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Alca torda
– Family
Authors: Hipfner, J. Mark, and Gilles Chapdelaine
Revisors: Lavers, Jennifer, Mark Hipfner, and Gilles Chapdelaine

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Adult Razorbill, breeding plumage; Maine, July
Figure 1. Distribution of the Razorbill in North America.

This stocky, robust, crow-sized seabird is widely distributed through boreal and low-arctic Atlantic waters; the bulk of the world population breeds in Iceland. From there, colonies stretch east through northern Europe and northwestern Russia. In the northwest Atlantic, Razorbills breed mainly in small colonies, few supporting more than 1,000 breeding pairs, scattered from northwestern Greenland and Hudson Strait, south through the Atlantic provinces of Canada to Maine. The center of the North American breeding distribution is in low-arctic waters of southern Labrador and the lower North Shore of the Gulf of St. Lawrence. With only about 300 pairs nesting in Maine, the Razorbill is among the least numerous of all breeding seabirds in US waters. Most Razorbills from North American colonies overwinter south of their breeding range in ice-free, coastal waters, with largest numbers frequenting shoal areas in the outer Bay of Fundy and Gulf of Maine. The species occurs regularly in winter south to Long Island, NY, and New Jersey, and rarely to Virginia, with casual records to Florida.

Given the Razorbill’s remote distribution and relatively small numbers (about 38,000 breeding pairs) in North America, it is not surprising that its biology is poorly known at most breeding sites. Individuals breed on rocky islands and steep, mainland cliffs. Most use nest sites that are partly or wholly enclosed, often in crevices among boulders.

The life-history strategy of this species is typical of marine birds: socially monogamous, with strong mate and nest-site fidelity; an approximately 90% annual adult-survival rate, with deferred breeding until 4 or 5 years of age; and a single-egg clutch. Timing of breeding varies depending on oceanographic conditions; egg-laying begins 2–6 weeks earlier in boreal than in low-arctic waters. Incubation averages 35 days, and the male parent accompanies the chick to sea after about 18–20 days at the nest site. At nest departure, the chick weighs only 25–30% of adult mass and has not yet begun to grow the large feathers of the wings and tail. This unusual “intermediate” developmental strategy is otherwise employed only by Common (Uria aalge) and Thick-billed murres (U. lomvia), the Razorbill’s closest extant relatives. While ecologically similar, Razorbills and murres differ in a number of important respects, such as their nesting habits, and these differences provide fertile ground for comparative studies.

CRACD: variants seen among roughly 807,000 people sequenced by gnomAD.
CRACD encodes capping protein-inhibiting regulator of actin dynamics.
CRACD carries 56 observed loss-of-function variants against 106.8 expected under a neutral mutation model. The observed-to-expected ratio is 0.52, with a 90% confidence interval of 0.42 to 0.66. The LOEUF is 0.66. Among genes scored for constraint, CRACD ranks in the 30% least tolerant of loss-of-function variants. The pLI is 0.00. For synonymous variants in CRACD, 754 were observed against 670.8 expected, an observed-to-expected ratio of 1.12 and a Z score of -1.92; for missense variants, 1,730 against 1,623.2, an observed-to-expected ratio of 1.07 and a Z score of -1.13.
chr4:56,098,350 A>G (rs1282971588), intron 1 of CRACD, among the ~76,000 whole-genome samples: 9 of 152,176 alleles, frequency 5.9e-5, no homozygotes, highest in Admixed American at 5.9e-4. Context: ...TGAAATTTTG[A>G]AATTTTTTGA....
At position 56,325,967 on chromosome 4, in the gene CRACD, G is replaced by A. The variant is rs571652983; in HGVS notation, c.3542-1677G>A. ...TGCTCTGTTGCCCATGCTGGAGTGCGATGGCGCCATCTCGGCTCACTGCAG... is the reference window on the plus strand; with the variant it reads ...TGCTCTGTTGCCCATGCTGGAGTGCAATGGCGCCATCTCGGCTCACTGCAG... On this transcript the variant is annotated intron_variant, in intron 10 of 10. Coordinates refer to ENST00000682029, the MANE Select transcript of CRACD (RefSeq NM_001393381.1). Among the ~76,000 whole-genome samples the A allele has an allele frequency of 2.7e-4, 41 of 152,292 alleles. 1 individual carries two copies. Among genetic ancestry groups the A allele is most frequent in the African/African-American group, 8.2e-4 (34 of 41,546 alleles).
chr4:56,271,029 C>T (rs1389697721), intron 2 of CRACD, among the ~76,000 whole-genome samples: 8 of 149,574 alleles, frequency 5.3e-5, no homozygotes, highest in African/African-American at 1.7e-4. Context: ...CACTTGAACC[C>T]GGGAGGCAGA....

Wing-propelled divers that feed mainly on schooling fish, Razorbills occasionally descend to ocean depths greater than 100 meters. In North America, important prey species include capelin (Mallotus villosus), herring (Clupea harengus), and sandlance (Ammodytes spp.), varying with location and season. Crustaceans and polychaetes are also important in adult diets, the former perhaps especially in winter. Nestlings receive about 2–4 feedings daily, each consisting of 1–8 fish, which the adult birds carry to the nest site held crosswise in the bill. Razorbills are strong and rapid fliers, yet remarkably agile in flight compared to other large Alcidae. Foxes, gulls, and ravens are important predators of Razorbill eggs and chicks.

Heavily persecuted by humans for eggs, meat, and feathers, Razorbill populations were greatly reduced, even locally extirpated, across much of their northwest Atlantic breeding range by early in the twentieth century. Although largely protected since 1917 in the northwest Atlantic, the species was slow to recover as direct harvesting and incidental killing continued in key regions. With stricter enforcement of regulations, however, and improved education programs, Razorbill populations have increased dramatically in North America over the last 20 years—an encouraging sign, although the long-term welfare of the species remains a concern in the face of grave, human threats to northwest-Atlantic ecosystems.